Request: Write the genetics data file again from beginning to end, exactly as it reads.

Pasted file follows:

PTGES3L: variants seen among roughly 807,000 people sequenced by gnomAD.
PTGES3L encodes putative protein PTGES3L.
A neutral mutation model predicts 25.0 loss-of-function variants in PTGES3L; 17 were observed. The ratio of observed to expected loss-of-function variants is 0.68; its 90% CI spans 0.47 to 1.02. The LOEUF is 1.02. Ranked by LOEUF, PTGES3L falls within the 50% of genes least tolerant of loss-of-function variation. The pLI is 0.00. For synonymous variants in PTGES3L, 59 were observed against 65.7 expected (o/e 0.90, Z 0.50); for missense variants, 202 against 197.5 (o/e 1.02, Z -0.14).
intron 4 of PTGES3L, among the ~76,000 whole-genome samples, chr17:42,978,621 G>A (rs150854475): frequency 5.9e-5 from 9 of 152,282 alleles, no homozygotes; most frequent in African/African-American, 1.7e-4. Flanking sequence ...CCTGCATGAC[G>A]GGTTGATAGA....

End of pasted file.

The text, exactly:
PTGES3L: variants seen among roughly 807,000 people sequenced by gnomAD.
PTGES3L encodes putative protein PTGES3L.
A neutral mutation model predicts 25.0 loss-of-function variants in PTGES3L; 17 were observed. The ratio of observed to expected loss-of-function variants is 0.68; its 90% CI spans 0.47 to 1.02. The LOEUF is 1.02. Ranked by LOEUF, PTGES3L falls within the 50% of genes least tolerant of loss-of-function variation. The pLI is 0.00. For synonymous variants in PTGES3L, 59 were observed against 65.7 expected (o/e 0.90, Z 0.50); for missense variants, 202 against 197.5 (o/e 1.02, Z -0.14).
intron 4 of PTGES3L, among the ~76,000 whole-genome samples, chr17:42,978,621 G>A (rs150854475): frequency 5.9e-5 from 9 of 152,282 alleles, no homozygotes; most frequent in African/African-American, 1.7e-4. Flanking sequence ...CCTGCATGAC[G>A]GGTTGATAGA....